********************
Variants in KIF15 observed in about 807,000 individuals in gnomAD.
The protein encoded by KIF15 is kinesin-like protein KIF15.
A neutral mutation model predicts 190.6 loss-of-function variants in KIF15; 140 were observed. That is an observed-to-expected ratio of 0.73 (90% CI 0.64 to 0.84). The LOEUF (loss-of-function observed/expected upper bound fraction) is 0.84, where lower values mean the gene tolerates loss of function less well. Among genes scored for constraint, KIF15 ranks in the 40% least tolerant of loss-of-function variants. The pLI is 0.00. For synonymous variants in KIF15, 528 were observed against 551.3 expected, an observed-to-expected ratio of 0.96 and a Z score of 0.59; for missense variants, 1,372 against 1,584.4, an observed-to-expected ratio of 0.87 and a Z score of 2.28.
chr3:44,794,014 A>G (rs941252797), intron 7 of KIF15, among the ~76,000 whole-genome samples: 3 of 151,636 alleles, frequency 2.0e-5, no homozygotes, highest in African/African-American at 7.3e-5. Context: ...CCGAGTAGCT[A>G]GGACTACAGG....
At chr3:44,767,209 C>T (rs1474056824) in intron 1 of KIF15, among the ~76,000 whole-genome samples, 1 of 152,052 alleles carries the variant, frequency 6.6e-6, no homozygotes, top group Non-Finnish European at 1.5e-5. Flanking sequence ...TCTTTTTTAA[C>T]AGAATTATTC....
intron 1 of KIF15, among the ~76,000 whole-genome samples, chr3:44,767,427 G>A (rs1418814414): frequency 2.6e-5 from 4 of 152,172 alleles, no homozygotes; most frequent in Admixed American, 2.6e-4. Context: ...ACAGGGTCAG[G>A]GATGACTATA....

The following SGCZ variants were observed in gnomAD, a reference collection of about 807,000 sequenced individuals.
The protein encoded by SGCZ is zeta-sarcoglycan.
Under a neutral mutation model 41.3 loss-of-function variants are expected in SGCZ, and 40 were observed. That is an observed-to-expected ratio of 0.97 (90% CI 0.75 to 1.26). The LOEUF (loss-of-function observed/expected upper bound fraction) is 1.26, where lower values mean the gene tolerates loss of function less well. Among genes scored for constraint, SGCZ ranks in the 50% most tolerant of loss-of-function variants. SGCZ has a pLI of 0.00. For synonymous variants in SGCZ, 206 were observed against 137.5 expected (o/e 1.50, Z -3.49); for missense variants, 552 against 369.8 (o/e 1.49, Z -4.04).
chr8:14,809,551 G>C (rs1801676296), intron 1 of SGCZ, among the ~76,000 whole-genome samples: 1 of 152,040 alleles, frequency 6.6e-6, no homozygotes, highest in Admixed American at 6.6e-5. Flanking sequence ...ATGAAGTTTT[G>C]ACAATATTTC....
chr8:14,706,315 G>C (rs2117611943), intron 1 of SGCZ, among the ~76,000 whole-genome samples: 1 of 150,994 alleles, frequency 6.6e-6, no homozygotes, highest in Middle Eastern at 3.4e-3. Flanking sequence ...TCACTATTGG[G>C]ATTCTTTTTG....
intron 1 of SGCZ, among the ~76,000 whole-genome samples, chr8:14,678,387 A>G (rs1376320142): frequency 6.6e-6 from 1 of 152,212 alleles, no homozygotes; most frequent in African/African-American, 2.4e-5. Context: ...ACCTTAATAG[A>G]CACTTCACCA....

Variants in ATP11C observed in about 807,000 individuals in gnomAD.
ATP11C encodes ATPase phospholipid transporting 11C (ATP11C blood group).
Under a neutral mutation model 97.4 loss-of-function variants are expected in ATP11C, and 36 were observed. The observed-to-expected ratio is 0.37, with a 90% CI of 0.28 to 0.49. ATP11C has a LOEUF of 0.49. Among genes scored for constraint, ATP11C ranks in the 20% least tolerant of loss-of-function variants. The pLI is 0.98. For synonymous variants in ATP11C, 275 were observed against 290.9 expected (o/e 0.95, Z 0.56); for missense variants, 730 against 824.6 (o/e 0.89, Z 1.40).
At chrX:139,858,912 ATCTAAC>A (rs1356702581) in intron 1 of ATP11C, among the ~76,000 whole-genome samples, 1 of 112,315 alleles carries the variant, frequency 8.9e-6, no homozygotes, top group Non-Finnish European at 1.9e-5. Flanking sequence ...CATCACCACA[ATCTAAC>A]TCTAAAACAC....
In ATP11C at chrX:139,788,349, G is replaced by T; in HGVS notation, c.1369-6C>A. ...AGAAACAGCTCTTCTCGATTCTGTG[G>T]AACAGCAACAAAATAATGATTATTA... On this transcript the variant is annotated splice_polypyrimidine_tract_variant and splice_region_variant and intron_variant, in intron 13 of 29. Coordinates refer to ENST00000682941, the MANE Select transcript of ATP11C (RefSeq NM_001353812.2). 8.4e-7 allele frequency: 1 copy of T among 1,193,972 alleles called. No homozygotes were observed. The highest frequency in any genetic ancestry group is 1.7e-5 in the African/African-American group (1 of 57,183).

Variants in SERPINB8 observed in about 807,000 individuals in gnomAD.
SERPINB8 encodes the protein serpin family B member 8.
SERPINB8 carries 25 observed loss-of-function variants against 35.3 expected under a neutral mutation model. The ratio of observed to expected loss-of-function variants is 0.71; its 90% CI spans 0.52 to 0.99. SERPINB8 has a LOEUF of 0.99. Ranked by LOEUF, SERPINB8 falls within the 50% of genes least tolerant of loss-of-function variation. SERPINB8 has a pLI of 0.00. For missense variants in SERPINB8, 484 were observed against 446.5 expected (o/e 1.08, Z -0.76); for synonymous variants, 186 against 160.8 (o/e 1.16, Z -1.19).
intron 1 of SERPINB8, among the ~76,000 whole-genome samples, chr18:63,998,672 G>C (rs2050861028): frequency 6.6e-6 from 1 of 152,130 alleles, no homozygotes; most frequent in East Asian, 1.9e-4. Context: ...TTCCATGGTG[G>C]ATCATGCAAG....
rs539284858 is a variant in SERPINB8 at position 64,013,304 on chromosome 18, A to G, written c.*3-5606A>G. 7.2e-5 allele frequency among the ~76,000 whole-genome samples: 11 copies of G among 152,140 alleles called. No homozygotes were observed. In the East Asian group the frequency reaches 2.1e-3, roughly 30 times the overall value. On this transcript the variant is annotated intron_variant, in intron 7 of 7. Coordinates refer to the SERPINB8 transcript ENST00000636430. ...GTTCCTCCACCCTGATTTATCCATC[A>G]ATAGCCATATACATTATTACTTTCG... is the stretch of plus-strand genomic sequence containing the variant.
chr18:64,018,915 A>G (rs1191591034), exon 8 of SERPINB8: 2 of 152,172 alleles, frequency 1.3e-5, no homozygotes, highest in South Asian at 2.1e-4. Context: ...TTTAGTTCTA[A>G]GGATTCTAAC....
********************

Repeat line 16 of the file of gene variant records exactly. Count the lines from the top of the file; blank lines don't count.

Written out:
At chrX:139,858,912 ATCTAAC>A (rs1356702581) in intron 1 of ATP11C, among the ~76,000 whole-genome samples, 1 of 112,315 alleles carries the variant, frequency 8.9e-6, no homozygotes, top group Non-Finnish European at 1.9e-5. Flanking sequence ...CATCACCACA[ATCTAAC>A]TCTAAAACAC....